Press "Enter" to skip to content

“Butterfly Effect” Moth Propaganda, Butterflies Say

The popular formulation of chaos theory frequently referred to as the “butterfly effect” is nothing more than moth propaganda, according to a recent statement by the butterfly rights group Wing-Weavers.

“For years, moths have tried to divert attention away from their drab, colorless lives by associating butterflies with catastrophic atmospheric events, such as hurricanes or typhoons. Butterflies have had enough of this calumny, and we are ready to unmask the heinous plot of disinformation that moths have perpetrated on us now for many years,” said Wing-Weavers President Florence Flutterson.

A report accompanying the statement purports to trace the flow of money between moth-backed organizations and publishers of both peer-reviewed studies and popular science articles on chaos theory over the last 20 years. Ironically, the report highlights a trail of small amounts trickling over time into journal coffers, creating large profits for the publishers, with a strong correlation in payments and the use of the term “butterfly effect.”

Wing-Weavers was quick to note that the organization does not believe the term was always intended pejoratively. Ray Bradbury’s seminal 1952 paper, “A Sound of Thunder,” demonstrated the compounding impact a butterfly’s death could have on later events. However, by 1972 the idea had become embedded in the scientific community, solidified by Edward Lorenz’s paper, “Does the flap of a butterfly’s wings in Brazil set off a tornado in Texas?”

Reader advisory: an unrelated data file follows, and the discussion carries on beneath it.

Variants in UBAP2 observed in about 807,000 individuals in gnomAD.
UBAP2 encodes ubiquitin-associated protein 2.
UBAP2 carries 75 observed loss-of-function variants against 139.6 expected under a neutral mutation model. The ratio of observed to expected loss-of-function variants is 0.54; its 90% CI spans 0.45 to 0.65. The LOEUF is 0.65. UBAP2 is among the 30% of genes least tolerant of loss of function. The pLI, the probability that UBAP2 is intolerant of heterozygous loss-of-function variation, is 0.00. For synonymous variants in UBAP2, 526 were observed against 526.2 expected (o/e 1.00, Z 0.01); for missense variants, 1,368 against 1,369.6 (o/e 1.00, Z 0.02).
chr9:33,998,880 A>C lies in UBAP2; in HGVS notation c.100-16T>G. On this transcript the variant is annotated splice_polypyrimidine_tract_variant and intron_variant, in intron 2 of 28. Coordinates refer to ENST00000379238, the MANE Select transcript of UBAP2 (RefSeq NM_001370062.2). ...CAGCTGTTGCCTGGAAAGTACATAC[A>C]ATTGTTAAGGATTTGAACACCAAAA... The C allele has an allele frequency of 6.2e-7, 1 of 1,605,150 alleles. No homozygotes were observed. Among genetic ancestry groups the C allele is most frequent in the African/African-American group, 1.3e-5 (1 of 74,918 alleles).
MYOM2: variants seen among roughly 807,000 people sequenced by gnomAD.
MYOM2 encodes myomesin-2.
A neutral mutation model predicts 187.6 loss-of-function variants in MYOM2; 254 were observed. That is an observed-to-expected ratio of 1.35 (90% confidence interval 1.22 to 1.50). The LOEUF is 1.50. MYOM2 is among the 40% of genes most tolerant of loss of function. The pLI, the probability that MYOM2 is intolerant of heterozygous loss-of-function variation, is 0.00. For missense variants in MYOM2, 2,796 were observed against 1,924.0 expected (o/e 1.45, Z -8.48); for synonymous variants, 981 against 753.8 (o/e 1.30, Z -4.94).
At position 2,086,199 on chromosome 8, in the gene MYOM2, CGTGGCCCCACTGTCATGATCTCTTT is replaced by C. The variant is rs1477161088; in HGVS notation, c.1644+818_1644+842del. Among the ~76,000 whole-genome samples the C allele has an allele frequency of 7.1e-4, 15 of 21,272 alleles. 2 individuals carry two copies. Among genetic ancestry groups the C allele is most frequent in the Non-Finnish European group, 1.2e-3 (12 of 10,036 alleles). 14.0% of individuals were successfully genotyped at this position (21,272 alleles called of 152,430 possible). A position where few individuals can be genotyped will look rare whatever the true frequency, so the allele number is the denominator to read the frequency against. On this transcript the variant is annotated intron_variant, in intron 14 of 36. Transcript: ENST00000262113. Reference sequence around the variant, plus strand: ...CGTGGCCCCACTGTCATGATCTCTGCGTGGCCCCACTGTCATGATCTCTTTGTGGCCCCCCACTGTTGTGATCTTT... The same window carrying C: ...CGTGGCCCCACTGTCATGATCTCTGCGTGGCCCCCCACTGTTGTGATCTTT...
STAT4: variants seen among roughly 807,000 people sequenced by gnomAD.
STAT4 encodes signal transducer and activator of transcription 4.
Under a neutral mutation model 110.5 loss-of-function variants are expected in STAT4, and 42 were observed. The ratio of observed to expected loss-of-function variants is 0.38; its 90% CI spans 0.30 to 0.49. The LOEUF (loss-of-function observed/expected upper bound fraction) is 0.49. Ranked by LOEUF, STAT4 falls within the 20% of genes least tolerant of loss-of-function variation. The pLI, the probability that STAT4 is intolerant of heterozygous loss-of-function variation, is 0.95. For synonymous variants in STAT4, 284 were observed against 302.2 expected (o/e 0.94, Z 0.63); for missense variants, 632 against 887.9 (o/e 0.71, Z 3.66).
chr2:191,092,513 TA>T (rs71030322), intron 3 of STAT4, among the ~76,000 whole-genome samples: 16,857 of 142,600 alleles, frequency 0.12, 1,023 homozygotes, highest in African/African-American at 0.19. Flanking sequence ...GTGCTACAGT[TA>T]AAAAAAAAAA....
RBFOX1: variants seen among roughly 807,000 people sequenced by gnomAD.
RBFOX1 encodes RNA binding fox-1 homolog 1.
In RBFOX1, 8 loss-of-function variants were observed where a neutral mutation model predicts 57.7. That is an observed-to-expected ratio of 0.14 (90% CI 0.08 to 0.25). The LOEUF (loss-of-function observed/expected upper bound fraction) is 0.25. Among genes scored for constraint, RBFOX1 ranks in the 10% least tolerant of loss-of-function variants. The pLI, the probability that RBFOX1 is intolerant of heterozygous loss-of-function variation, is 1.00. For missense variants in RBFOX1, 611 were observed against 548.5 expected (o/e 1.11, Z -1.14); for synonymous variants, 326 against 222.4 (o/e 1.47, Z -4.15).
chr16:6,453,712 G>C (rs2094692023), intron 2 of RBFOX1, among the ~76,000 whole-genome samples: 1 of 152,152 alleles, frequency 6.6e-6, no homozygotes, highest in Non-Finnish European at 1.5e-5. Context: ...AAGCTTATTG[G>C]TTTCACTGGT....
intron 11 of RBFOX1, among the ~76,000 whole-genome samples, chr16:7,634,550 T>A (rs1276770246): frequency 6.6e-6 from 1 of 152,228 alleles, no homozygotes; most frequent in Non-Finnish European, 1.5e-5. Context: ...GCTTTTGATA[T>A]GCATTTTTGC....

“Moths have always flocked to the slightest shine of an idea, ruining it with their bland bodies and dusty wings,” Flutterson said. “What do you expect of nocturnal creatures?”

Despite Wing-Weavers’ consternation, some butterflies believe the controversy has been blown out of proportion, not unlike a simple flap of the wing that leads to a disastrous shift in the Gulf Stream. “Who can say whether a wingbeat will cause the deaths of millions or carry you to the place where you meet the love of your life. Perhaps it can do both,” said one wistful little Pieridae as she flitted off into a field.

No moths were available during the daytime to provide comment.